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Does anybody still use....


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27 replies to this topic

#16 vicrider

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Posted 23 October 2019 - 12:09 AM

So the reason to use acetate floss is that when hit with acetone it melts into a smooth shell? Hundreds of videos I've watched and not seen the technique used yet. Will try a search but I use acetone to clean up around the table.

 

edit...One nice thing about Google is ask and you shall receive. I asked for acetate floss fly tying and after looking at a few of them it does make a nice, smooth hard shell type of finish for the chronomids and nymphs I saw tied. Don't know as it would look a whole lot different in the water as the same tie done with silk thread or floss and coated with UV.



#17 flytire

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Posted 23 October 2019 - 03:47 AM

here is the video that piqued my iterest and raised the question

 

https://www.youtube....h?v=DnJFmrazIRg


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#18 DarrellP

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Posted 23 October 2019 - 06:40 AM

I have tried to use on steelhead fly bodies. My fingers kept roughing it up and I couldn't get a smooth layer. Never used acetone. May try it.
"Calling fishing a hobby is like calling brain surgery a job." John Geirach

#19 Swamp Fly

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Posted 23 October 2019 - 09:37 AM

  Interesting technique, thanks for bringing this up.  How long before the treated floss gets hard enough so you don't mar the body or dull the shine?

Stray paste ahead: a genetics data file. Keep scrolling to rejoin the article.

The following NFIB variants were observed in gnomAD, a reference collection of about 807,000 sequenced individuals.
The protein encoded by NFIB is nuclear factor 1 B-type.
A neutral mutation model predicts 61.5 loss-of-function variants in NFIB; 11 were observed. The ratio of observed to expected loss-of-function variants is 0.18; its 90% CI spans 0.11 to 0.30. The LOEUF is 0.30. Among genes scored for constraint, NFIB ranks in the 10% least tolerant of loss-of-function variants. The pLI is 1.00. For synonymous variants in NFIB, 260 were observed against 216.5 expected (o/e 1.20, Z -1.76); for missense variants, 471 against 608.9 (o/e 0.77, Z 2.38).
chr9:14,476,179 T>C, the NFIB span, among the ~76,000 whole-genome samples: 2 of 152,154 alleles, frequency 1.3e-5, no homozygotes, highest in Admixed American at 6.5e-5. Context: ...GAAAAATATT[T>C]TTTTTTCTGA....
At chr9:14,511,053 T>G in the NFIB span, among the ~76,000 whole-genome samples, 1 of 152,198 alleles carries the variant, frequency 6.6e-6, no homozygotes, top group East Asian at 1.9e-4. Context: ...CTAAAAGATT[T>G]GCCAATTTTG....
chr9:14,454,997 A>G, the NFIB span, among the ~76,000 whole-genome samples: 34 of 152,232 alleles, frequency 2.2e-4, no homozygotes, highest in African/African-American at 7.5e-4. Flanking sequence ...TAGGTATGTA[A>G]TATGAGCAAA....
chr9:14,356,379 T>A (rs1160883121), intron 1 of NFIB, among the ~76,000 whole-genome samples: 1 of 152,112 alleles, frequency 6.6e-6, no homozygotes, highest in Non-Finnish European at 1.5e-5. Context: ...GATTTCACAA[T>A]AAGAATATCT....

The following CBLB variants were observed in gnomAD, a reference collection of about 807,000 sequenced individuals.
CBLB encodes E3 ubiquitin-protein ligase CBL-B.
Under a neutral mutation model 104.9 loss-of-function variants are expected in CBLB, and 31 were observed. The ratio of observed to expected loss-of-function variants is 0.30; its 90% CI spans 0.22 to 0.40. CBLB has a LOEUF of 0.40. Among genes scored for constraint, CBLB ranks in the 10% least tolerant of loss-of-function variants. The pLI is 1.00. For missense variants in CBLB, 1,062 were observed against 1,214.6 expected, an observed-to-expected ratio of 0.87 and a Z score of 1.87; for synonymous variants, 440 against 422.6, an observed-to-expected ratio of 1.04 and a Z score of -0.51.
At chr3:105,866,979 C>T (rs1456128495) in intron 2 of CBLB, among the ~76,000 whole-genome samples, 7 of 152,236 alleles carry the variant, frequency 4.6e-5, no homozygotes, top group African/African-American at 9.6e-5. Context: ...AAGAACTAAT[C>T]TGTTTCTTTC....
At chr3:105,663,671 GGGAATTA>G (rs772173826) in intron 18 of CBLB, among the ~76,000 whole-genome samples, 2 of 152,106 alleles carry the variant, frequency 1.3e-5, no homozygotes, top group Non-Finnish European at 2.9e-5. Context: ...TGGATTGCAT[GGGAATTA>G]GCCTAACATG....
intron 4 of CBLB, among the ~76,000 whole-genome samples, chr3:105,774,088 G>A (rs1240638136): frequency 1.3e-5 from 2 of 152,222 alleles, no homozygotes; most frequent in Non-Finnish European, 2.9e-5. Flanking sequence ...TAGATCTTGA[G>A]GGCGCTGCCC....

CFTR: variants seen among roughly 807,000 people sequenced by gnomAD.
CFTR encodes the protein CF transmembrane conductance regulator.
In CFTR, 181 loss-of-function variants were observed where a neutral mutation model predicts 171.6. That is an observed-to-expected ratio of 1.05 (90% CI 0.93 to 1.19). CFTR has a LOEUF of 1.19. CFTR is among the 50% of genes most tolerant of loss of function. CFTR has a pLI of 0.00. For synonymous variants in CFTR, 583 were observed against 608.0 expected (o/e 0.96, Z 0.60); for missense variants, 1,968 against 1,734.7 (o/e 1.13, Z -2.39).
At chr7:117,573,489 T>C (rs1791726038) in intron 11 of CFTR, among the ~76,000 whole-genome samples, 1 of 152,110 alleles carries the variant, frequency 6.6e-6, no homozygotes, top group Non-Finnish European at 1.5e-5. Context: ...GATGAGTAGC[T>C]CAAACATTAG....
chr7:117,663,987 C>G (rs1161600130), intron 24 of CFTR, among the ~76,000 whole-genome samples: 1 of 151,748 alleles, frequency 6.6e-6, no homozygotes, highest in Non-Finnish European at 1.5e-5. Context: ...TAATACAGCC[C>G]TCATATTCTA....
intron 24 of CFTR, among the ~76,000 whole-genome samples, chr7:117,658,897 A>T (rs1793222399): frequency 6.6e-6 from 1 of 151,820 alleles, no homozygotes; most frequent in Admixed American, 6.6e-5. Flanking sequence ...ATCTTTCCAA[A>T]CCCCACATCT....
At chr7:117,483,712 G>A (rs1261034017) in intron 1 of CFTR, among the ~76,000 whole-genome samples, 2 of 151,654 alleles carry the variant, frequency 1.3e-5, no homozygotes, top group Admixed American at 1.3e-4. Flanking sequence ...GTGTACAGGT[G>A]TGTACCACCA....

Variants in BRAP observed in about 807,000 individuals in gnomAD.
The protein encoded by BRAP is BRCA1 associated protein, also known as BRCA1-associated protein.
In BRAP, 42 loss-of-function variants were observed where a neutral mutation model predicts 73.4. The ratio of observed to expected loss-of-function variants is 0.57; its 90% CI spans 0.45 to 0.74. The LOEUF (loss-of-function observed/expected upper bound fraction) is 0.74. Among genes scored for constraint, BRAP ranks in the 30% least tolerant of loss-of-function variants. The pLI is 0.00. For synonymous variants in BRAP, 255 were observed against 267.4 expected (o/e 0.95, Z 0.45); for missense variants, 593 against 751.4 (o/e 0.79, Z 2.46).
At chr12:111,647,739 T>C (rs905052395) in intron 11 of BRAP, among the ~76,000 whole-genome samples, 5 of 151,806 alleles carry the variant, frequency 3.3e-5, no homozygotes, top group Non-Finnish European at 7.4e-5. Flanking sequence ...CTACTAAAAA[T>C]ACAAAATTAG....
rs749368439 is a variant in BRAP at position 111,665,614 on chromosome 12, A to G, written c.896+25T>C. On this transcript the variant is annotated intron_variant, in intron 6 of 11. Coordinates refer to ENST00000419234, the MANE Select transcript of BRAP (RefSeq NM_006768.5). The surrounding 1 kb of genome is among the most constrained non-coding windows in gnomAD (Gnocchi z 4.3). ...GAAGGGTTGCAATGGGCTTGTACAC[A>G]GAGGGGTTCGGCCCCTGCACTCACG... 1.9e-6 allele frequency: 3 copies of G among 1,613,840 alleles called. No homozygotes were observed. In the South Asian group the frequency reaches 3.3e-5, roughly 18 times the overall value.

#20 flytire

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Posted 23 October 2019 - 10:01 AM

i learned about acetate floss back in the 1980's when i first started tying flies. might have been more popular back then

 

i do not know how long it takes to dry or harden after you remove the fly from the acetone bath :)


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#21 mikechell

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Posted 23 October 2019 - 11:55 AM

As I see it, Acetone has a very quick evaporation rate.  Given the same quantity, it only takes seconds to vaporize where water would take more than 10 minutes.

BUT ... the outer layer vaporizes first, leaving a shell that greatly slows down the rest of the solvent's ability to escape into the air.

 

Remembering my sisters (4 of them) and the amount of time they'd sit and wait for their fingernails to "dry" ... I'd say you'd be good to set the fly aside for 3 to 5 minutes.


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#22 Mark Knapp

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Posted 23 October 2019 - 12:12 PM

Interesting video. This technique looks like it would fit in well with many of the flies you like to tie, Norm.

 

I just took a quick look at all my floss. I got it all from buying out estates and things like that so, as you might expect it's a hodge podge of a bunch of different things. There's silk, rayon, nylon, and some acetate. Unfortunately, the labels have come off of many of my spools and some of them did not say what kind of floss they are. It just says "floss"

 

I suppose I would need to dip the ends of each spool into acetone to see if any of the mystery flosses are acetate.

 

In all my other dealings with acetone it evaporates very quickly and I suspect it will be no different with the acetate floss. I think it will be dry almost immediately. I'll give it a try tonight and let you all know what happens.



#23 Swamp Fly

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Posted 23 October 2019 - 01:41 PM

Those where my thoughts, it might take a bit for the acetate to not be gooey.  Shouldn't really be an issue, just curious.

 

Swamp



#24 SilverCreek

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Posted 24 October 2019 - 02:45 PM